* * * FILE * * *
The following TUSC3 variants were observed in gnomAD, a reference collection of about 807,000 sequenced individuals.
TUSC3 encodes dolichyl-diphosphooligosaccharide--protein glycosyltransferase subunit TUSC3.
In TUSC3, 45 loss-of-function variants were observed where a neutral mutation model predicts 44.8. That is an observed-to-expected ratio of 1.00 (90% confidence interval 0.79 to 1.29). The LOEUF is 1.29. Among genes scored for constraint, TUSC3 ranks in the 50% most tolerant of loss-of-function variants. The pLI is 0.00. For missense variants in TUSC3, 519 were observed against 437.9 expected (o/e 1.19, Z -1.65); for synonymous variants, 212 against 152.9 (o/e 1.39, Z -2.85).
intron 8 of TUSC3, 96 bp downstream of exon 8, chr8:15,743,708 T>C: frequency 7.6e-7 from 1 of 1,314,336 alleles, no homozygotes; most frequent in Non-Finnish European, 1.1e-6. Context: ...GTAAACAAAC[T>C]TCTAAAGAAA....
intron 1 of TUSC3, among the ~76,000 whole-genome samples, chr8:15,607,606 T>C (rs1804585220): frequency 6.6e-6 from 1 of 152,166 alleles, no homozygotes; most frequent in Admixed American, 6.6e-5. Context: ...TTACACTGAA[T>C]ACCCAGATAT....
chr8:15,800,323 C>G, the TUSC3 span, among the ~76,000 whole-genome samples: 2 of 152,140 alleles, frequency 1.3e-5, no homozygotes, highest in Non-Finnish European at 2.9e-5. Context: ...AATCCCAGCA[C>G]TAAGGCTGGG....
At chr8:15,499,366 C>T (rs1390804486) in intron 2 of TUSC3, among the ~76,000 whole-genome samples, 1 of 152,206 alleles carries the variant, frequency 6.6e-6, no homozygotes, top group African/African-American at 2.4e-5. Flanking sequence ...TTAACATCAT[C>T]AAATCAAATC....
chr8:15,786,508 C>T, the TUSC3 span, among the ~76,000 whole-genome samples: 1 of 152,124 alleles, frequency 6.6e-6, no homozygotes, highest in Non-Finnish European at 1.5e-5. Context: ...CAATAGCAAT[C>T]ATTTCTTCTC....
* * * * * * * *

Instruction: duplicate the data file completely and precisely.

The following TUSC3 variants were observed in gnomAD, a reference collection of about 807,000 sequenced individuals.
TUSC3 encodes dolichyl-diphosphooligosaccharide--protein glycosyltransferase subunit TUSC3.
In TUSC3, 45 loss-of-function variants were observed where a neutral mutation model predicts 44.8. That is an observed-to-expected ratio of 1.00 (90% confidence interval 0.79 to 1.29). The LOEUF is 1.29. Among genes scored for constraint, TUSC3 ranks in the 50% most tolerant of loss-of-function variants. The pLI is 0.00. For missense variants in TUSC3, 519 were observed against 437.9 expected (o/e 1.19, Z -1.65); for synonymous variants, 212 against 152.9 (o/e 1.39, Z -2.85).
intron 8 of TUSC3, 96 bp downstream of exon 8, chr8:15,743,708 T>C: frequency 7.6e-7 from 1 of 1,314,336 alleles, no homozygotes; most frequent in Non-Finnish European, 1.1e-6. Context: ...GTAAACAAAC[T>C]TCTAAAGAAA....
intron 1 of TUSC3, among the ~76,000 whole-genome samples, chr8:15,607,606 T>C (rs1804585220): frequency 6.6e-6 from 1 of 152,166 alleles, no homozygotes; most frequent in Admixed American, 6.6e-5. Context: ...TTACACTGAA[T>C]ACCCAGATAT....
chr8:15,800,323 C>G, the TUSC3 span, among the ~76,000 whole-genome samples: 2 of 152,140 alleles, frequency 1.3e-5, no homozygotes, highest in Non-Finnish European at 2.9e-5. Context: ...AATCCCAGCA[C>G]TAAGGCTGGG....
At chr8:15,499,366 C>T (rs1390804486) in intron 2 of TUSC3, among the ~76,000 whole-genome samples, 1 of 152,206 alleles carries the variant, frequency 6.6e-6, no homozygotes, top group African/African-American at 2.4e-5. Flanking sequence ...TTAACATCAT[C>T]AAATCAAATC....
chr8:15,786,508 C>T, the TUSC3 span, among the ~76,000 whole-genome samples: 1 of 152,124 alleles, frequency 6.6e-6, no homozygotes, highest in Non-Finnish European at 1.5e-5. Context: ...CAATAGCAAT[C>T]ATTTCTTCTC....